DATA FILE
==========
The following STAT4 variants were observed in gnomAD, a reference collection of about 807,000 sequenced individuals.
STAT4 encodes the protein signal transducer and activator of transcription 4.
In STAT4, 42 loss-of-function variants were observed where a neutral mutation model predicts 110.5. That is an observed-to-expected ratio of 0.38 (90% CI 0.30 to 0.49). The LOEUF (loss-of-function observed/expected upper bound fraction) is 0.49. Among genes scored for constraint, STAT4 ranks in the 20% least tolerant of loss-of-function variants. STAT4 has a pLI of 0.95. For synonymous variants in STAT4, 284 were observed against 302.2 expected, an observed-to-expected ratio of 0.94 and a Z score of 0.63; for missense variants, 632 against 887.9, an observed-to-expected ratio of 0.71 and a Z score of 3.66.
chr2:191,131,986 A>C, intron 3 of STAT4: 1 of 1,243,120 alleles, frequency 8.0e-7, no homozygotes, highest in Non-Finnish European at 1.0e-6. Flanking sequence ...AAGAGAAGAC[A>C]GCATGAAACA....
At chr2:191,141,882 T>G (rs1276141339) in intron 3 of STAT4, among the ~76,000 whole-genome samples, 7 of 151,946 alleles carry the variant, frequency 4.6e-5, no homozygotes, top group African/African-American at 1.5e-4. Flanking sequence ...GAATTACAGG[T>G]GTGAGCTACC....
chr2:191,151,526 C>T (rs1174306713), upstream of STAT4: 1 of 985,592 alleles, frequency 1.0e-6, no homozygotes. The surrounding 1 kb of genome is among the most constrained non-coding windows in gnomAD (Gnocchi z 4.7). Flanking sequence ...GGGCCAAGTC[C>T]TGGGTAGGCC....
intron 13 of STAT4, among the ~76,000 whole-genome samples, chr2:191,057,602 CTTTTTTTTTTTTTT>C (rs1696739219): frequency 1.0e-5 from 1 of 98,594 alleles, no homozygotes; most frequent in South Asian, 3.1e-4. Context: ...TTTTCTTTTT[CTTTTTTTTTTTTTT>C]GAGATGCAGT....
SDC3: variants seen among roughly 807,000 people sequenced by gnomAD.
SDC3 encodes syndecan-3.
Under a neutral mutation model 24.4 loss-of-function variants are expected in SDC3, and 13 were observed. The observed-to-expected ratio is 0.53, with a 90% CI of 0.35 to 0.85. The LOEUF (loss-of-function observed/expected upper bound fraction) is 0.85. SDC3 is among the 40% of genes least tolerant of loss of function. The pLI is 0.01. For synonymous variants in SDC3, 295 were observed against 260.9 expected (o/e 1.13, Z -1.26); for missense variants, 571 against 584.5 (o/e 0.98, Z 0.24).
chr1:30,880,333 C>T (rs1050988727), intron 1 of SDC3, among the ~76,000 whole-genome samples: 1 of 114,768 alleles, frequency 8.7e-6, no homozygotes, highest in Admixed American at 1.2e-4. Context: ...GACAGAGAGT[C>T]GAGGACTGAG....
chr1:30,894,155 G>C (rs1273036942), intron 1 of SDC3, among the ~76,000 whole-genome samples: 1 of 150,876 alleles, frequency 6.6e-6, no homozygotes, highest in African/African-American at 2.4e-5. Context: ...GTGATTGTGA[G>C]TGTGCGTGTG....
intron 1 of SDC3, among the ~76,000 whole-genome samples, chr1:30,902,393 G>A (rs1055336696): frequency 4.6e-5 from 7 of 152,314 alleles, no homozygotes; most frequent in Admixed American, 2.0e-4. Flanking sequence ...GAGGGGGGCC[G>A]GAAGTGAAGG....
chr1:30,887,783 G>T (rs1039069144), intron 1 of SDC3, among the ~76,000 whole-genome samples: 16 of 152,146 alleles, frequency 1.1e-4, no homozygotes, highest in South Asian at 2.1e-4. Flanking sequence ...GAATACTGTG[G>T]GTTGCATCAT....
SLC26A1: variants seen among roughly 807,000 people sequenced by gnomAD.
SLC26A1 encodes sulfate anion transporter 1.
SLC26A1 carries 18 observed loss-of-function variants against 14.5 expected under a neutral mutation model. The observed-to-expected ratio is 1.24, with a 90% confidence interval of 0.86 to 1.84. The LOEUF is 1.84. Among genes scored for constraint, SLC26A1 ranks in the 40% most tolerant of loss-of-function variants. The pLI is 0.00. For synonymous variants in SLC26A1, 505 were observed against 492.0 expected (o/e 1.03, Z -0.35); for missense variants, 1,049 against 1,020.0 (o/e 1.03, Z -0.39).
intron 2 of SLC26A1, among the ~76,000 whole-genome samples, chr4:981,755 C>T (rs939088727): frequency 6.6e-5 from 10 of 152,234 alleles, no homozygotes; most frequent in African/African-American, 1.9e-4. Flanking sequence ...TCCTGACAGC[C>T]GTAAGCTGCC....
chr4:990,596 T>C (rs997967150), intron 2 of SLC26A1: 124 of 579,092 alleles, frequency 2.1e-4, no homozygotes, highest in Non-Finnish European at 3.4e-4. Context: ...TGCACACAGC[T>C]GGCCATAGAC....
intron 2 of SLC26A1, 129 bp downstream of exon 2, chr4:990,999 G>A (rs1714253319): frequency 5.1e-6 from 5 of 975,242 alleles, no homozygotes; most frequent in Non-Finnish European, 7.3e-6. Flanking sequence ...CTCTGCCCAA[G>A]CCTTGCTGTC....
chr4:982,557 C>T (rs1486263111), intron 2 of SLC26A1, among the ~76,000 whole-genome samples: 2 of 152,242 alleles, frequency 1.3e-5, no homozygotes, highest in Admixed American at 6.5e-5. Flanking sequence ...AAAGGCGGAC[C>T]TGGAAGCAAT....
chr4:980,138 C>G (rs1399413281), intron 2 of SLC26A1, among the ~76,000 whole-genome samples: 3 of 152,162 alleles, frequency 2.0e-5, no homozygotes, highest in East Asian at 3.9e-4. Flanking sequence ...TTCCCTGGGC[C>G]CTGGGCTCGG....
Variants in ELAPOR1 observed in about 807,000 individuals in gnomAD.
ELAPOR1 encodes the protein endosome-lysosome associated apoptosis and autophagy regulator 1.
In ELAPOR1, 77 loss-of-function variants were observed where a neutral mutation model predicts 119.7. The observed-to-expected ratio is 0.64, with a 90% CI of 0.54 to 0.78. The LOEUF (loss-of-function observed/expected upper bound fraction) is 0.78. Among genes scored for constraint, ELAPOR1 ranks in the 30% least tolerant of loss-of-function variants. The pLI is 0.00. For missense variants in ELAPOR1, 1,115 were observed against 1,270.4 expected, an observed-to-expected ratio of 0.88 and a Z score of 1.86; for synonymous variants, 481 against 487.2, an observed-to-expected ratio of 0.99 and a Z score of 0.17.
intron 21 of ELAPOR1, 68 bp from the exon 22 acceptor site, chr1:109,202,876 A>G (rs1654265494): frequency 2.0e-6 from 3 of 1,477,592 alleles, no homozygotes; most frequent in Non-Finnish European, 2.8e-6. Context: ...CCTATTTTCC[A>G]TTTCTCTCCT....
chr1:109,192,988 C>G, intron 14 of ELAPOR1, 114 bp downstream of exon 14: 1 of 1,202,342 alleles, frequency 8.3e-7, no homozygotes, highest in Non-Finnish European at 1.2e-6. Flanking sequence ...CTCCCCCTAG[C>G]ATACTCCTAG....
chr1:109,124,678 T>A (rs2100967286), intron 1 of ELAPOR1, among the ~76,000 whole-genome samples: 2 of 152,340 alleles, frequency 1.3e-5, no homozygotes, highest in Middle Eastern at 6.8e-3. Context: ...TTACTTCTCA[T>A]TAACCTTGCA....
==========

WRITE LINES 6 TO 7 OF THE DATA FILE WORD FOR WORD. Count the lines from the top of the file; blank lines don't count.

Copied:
chr2:191,151,526 C>T (rs1174306713), upstream of STAT4: 1 of 985,592 alleles, frequency 1.0e-6, no homozygotes. The surrounding 1 kb of genome is among the most constrained non-coding windows in gnomAD (Gnocchi z 4.7). Flanking sequence ...GGGCCAAGTC[C>T]TGGGTAGGCC....
intron 13 of STAT4, among the ~76,000 whole-genome samples, chr2:191,057,602 CTTTTTTTTTTTTTT>C (rs1696739219): frequency 1.0e-5 from 1 of 98,594 alleles, no homozygotes; most frequent in South Asian, 3.1e-4. Context: ...TTTTCTTTTT[CTTTTTTTTTTTTTT>C]GAGATGCAGT....